The 8th Wonder of the World: Compound Interest

“Compound interest is the eighth wonder of the world. He who understands it, earns it … he who doesn’t … pays it.” – Albert Einstein

Key Terms

Compound Interest: Interest calculated on the initial principal and on the accumulated interest from previous periods.

Principal: The original amount invested or borrowed, separate from earnings or interest.

Time-Value of Money: A core financial tenet inferring money available in the present is worth more than an equal amount in the future because of potential earnings over time. Essentially this means putting a $10,000 away today is worth more than putting away $10,000 in five years.

The Time-Value of Compound Interest

First we’ll examine simple interest or a scenario in which only the principal earns interest. Let’s say a bank exists offering 10% interest. For simplicity, let’s also imagine we invest $1,000 over 5 years.

Principal Interest on Principal Past Interest Earning Interest Total Annual Return
Year 1 $1000 1000 * (.10) = $100 $0 1000 + 100 = $1100
Year 2 $1000 1000 * (.10) = $100 $0 1100 + 100 = $1,200
Year 3 $1000 1000 * (.10) = $100 $0 1200 + 100 = $1,300
Year 4 $1000 1000 * (.10) = $100 $0 1300 + 100 = $1,400
Year 5 $1000 1000 * (.10) = $100 $0 1400 + 100 = $1,500

The beauty of compound interest is that past interest earns interest. In the same hypothetical the interest will compound annually.

Principal Interest on Principal Past Interest Earning Interest Total Annual Return
Year 1 $1000 1000 * (.10) = $100 $0 1000 + 100 = $1,100
Year 2 $1000 1000 * (.10) = $100 $100 * (.10) = $10 1100 + 110 = $1,210
Year 3 $1000 1000 * (.10) = $100 $210 * (.10) = $21 1210 + 121 = $1,331
Year 4 $1000 1000 * (.10) = $100 $331 * (.10) = $33 1331 + 133 = $1,464
Year 5 $1000 1000 * (.10) = $100 $463 * (.10) = $46 1464 + 146 = $1,610

While this example is of a relatively small scale, by the end of the five years compounding interest earns an extra $110 (from 1610-1500 = 110). Simple interest allows linear growth, while compound interest allows exponential growth. An example of linear growth in finance would be the coupons paid on bonds. An example of exponential growth would be reinvesting stock dividends.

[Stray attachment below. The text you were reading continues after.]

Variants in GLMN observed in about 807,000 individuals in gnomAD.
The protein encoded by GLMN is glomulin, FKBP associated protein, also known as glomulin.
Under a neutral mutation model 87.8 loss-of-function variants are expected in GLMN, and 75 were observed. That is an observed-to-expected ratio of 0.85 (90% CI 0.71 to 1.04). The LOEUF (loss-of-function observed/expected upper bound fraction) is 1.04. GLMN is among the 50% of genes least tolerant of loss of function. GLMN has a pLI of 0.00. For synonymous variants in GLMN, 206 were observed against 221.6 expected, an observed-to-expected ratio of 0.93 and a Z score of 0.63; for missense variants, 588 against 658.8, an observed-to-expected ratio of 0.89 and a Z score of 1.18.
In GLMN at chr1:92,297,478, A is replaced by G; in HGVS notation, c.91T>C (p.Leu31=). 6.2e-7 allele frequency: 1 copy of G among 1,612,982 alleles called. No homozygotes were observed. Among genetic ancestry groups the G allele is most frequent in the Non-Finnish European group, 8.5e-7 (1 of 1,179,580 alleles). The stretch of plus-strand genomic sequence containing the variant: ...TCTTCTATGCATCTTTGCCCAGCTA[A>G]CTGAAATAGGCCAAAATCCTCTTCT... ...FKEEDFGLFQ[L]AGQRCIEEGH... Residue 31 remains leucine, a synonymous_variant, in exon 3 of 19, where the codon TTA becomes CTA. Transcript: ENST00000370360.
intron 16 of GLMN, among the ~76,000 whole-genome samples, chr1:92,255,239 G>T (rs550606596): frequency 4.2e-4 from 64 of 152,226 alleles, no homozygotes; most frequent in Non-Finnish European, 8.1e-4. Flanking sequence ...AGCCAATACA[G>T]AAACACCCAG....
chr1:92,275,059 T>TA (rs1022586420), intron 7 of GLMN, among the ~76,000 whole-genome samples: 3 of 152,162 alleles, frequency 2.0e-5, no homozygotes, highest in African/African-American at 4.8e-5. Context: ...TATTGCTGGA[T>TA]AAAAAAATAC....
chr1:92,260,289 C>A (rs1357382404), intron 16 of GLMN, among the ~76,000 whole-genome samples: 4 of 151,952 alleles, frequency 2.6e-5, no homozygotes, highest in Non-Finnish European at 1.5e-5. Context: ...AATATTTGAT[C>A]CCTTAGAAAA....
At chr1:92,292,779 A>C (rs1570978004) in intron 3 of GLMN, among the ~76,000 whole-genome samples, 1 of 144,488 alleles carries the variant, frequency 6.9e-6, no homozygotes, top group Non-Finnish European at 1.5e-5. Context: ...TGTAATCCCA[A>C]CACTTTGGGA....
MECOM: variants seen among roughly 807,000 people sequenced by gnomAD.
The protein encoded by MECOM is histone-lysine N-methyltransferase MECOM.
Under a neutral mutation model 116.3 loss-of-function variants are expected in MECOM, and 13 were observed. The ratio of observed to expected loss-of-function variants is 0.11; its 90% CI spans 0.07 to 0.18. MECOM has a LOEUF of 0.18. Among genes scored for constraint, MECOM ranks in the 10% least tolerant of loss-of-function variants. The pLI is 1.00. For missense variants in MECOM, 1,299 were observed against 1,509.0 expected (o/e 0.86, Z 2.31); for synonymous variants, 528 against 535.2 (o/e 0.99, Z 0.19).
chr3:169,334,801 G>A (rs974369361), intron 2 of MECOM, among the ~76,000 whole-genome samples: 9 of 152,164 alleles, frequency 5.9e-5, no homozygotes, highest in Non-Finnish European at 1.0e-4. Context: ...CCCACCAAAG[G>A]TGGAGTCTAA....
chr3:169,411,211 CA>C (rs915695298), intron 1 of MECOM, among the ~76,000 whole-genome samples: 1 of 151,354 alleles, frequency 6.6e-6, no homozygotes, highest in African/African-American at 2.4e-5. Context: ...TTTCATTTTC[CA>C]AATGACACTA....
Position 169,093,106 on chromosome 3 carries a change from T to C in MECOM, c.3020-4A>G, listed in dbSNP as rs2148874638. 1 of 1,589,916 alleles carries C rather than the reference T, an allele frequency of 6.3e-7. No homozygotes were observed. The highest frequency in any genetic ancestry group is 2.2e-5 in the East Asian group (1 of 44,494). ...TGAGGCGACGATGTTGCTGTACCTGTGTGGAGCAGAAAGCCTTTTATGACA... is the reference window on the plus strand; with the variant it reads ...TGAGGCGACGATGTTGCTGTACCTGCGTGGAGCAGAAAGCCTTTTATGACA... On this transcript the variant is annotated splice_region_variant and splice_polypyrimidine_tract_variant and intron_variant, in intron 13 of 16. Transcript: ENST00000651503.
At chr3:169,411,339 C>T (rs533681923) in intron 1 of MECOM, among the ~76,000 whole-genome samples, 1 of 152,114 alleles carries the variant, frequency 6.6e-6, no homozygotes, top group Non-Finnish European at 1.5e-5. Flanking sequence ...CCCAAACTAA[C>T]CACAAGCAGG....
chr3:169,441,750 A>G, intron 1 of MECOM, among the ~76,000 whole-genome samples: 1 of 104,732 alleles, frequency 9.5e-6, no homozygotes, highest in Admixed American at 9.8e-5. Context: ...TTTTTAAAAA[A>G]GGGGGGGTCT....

If we were to scale this example upwards in terms of time and initial principal the difference would become quite pronounced. A $10,000 principal invested over 40 years and earning 7% annually would result in $38,000 in simple interest…But if the interest were compounding, $149,744 would have been earned.

A classic example of the time value of money is Benjamin Franklin bequeathing a thousand sterling to his favorite two cities, Boston and Philadelphia in 1790. A thousand sterlings was the equivalent of about $4,400 at the time. Wanting to be useful even after death, he designed a trust allowing funds to be withdrawn from the accounts for housing and aspiring businessmen. Loans from the fund had to be paid with 5% interest. By 1990 Philadelphia’s trust was worth $2 million and Boston’s was worth $5 million.

Conclusions

Compounding interest may be considered the 8th Wonder of the World because it creates exponential growth. Understanding the time value of money and reinvesting earnings over time is one of the core principals of wealth creation. Simply when properly managed, wealth earns wealth. Benjamin Franklin’s trusts exemplify this mantra. I personally plan on using a Roth IRA as a tax free vehicle for compounding interest over my lifetime.

Investor.gov offers a compound interest calculator I often use as a resource.

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